Channeling ancient folk traditions with a modern-day awareness, DJ-producer Nicola Cruz’s latest video for the song “Obsidiana,” directed by Camilo Coba Riofrío, interconnects Hindustani-influenced sounds with stirring electronic flourishes fit for the dancefloor. The song appears in his wind-laden sophomore studio album Siku, released in January via ZZK Records. The 31-year-old producer crafted his his sophomore outing in transit, roving from places like Japan to Portugal to take in folkloric music customs across the globe — meanwhile staying in tune with the divine cosmology of his own forebears in the Andes.
“I feel an essence that ties all of us together,” he tells Rolling Stone over the phone while at home in Ecuador. “It’s really beautiful to find that around the world and connect ancient cables, like when this was all a big continent.”
Born to Ecuadorian parents in Limoges, France, Cruz moved to the capital city of Quito when he was three years old. His curiosity for music kicked in at the age of 12, after his folks gifted him a drum set; then, after years of rigorous practice, Cruz relocated to Mexico in 2007, where he studied audio production for five years, with a focus on techno and sound design. Merging club-friendly sounds with traditional Ecuadorian folk music, the producer pioneered a sound many have described as “Andean step.”
He released a series of EPs between Canada’s globetrotting label, Multi-Culti and Argentina-based label ZZK Records, before he finally issued his debut LP, Prender el Alma, through the latter in 2015. Later that year, the Latin Grammy-winning Uruguayan artist Jorge Drexler called Cruz’s music “the best Latin American sound I’ve heard in a long time.” Their mutual musical admiration led to a collaboration in his 2017 album Salvavidas de Hielo, in which Cruz recorded one of many featured percussive guitars.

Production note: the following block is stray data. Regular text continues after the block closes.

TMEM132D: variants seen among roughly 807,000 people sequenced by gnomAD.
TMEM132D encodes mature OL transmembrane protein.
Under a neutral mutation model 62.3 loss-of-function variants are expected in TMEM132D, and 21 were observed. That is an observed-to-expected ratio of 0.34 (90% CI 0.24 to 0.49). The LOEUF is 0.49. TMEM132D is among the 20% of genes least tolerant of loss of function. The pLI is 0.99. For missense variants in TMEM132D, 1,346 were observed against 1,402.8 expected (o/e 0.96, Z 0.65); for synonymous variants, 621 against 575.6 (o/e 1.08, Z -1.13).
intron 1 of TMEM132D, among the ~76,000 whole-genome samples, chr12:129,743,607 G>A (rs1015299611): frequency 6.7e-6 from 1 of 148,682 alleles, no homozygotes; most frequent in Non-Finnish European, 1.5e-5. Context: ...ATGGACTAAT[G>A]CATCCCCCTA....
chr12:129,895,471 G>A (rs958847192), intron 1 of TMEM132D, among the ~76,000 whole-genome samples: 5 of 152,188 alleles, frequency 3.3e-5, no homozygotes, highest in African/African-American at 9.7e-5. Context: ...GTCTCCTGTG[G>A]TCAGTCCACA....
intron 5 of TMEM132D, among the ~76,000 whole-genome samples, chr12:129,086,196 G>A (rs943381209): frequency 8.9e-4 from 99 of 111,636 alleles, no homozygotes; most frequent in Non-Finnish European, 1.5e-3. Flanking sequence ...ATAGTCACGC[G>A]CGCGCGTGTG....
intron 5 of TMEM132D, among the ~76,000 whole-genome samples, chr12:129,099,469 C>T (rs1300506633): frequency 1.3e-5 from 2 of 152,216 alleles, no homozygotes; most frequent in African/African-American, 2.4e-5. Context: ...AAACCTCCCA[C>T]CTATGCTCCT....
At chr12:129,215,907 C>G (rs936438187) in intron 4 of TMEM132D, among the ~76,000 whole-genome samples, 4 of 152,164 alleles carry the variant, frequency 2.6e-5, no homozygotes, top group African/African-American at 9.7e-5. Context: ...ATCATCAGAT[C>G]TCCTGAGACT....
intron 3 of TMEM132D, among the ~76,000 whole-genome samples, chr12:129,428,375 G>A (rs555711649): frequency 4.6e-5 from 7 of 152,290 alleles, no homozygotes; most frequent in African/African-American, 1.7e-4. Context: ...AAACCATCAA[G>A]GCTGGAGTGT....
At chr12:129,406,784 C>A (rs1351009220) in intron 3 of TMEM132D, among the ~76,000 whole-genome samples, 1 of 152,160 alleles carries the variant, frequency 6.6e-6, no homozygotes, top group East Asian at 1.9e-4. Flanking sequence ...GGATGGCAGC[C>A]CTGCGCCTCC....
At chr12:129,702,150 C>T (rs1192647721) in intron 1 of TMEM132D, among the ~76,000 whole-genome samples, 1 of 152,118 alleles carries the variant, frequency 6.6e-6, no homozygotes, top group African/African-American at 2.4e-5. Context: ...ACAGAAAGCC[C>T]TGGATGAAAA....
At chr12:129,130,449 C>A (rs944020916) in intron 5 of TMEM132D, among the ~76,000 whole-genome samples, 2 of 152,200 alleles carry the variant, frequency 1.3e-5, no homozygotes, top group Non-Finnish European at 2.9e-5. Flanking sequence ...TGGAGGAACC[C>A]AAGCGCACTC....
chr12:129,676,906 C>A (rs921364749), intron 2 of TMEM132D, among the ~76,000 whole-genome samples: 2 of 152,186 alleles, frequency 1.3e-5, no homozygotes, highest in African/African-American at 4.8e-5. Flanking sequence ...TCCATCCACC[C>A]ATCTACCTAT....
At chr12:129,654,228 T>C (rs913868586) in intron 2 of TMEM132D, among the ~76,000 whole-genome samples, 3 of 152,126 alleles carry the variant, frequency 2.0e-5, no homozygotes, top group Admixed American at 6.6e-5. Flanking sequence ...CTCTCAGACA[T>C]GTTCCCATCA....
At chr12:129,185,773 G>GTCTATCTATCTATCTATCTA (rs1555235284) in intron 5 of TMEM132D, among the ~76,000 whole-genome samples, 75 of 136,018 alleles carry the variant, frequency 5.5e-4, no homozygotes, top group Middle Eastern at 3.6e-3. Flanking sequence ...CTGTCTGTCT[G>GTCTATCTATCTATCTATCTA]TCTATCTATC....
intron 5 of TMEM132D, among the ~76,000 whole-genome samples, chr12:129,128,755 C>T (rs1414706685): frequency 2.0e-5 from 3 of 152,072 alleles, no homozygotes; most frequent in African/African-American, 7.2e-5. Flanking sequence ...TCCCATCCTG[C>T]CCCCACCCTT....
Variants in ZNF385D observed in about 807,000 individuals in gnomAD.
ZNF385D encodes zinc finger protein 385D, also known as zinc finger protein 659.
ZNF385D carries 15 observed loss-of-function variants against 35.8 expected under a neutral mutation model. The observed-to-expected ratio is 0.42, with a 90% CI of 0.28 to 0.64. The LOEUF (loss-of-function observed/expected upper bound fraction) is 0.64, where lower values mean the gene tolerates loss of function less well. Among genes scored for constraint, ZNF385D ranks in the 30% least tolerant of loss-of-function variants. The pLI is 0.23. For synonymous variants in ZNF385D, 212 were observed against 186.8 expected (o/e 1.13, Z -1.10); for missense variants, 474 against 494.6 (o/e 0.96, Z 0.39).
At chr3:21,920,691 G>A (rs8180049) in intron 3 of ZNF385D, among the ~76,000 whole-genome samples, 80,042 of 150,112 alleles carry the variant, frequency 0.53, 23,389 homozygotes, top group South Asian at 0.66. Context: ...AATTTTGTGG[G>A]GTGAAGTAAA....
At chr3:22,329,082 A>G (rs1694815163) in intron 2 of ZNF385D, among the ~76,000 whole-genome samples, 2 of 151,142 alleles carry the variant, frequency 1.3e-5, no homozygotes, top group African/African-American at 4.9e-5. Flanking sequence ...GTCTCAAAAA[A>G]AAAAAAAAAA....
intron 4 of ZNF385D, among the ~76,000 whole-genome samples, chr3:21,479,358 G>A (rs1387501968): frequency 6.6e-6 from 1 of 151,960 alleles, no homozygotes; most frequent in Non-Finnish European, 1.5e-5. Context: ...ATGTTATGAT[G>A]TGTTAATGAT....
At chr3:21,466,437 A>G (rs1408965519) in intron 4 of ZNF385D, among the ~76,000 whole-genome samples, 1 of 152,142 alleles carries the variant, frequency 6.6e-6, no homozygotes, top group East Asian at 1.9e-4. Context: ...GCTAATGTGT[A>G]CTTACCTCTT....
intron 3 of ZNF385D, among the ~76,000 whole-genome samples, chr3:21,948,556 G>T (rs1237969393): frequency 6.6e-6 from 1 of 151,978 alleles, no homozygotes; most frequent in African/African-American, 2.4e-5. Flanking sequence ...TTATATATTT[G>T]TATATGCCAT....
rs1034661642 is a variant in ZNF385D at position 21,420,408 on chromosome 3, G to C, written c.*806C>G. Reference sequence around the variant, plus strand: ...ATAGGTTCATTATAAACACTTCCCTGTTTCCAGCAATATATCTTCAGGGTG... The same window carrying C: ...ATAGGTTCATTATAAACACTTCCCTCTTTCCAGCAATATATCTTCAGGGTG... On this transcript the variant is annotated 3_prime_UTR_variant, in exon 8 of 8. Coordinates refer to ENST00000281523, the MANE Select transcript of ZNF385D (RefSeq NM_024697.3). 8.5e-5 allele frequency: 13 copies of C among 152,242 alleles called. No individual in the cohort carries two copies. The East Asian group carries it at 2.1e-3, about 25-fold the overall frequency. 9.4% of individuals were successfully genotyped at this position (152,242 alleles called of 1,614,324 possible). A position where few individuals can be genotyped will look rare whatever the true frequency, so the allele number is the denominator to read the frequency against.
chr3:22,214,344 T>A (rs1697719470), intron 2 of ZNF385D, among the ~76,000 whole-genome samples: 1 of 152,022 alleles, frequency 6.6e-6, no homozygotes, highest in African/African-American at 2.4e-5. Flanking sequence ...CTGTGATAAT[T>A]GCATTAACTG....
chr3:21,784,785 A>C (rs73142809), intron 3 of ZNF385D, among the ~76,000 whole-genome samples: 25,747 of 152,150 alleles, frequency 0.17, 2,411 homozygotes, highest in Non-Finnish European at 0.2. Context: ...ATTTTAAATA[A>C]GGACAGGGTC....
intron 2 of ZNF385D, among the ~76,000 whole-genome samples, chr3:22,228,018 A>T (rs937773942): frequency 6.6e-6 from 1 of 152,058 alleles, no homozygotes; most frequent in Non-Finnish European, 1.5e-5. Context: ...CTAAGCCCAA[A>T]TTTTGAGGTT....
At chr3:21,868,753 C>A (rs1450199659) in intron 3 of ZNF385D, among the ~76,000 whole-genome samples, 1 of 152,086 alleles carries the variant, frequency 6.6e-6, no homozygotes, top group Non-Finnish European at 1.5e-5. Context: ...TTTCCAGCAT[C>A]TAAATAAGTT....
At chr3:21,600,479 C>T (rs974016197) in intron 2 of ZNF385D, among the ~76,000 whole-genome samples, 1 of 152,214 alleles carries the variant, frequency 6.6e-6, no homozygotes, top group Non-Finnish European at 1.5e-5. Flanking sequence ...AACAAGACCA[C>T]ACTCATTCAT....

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When it comes to the cross-cultural exchange on Siku, Cruz casts a wide net: In “Esu Enia,” Portuguese percussionist Márcio Pinto shines flickering melodies from the balafon, a xylophone-type instrument that originated in 12th century West Africa. And on “Voz de las Montañas,” heavenly chants by Colombian-Swedish duo Minük draw links between both Nordic and Andean spiritual practices. “[Siku] is about bringing back this attribution of reconnecting through music,” says Cruz, “and portraying music as something inclusive rather than something of the elite. Everyone is invited to perform.”
A few hours ago [January 21st] there was a total lunar eclipse. Were you able to see it?
I went outside around 11pm, and I was waiting for it. But it was too cloudy here in Quito. Sometimes the red moon spawns the next day, so maybe I’ll see it today.
In your album, you pay homage to the siku, a traditional Andean panpipe. Your bio briefly explains that this instrument represents a sacred duality to Andean peoples. Can you elaborate?
[The siku] is normally played in pairs or more. It’s not about the format [of playing], but rather the sense of personal disconnection or interconnection. More than paying homage to the instrument, it’s about bringing back this attribution of reconnecting through music, and portraying music as something inclusive rather than something of the elite. Everyone is invited to perform. Because of the album’s collaborations, it really makes sense for me to chose this symbolic name. If you hear the album, a lot of it is not necessarily inspired in the Andes. But at the same time, it made all the sense in the world to name the album Siku.
The Andean folk group Altiplano features prominently on Siku. Your new single “Obsidiana” features the majestic sitar of Mauricio Vicencio and percussions by Pablo Vicencio; as does “Siete, ” which featured pan flutes by Julio Vicencio, and ranked in one of our Best 20 Latin Songs last year. What was it like to work with the legendary musical family?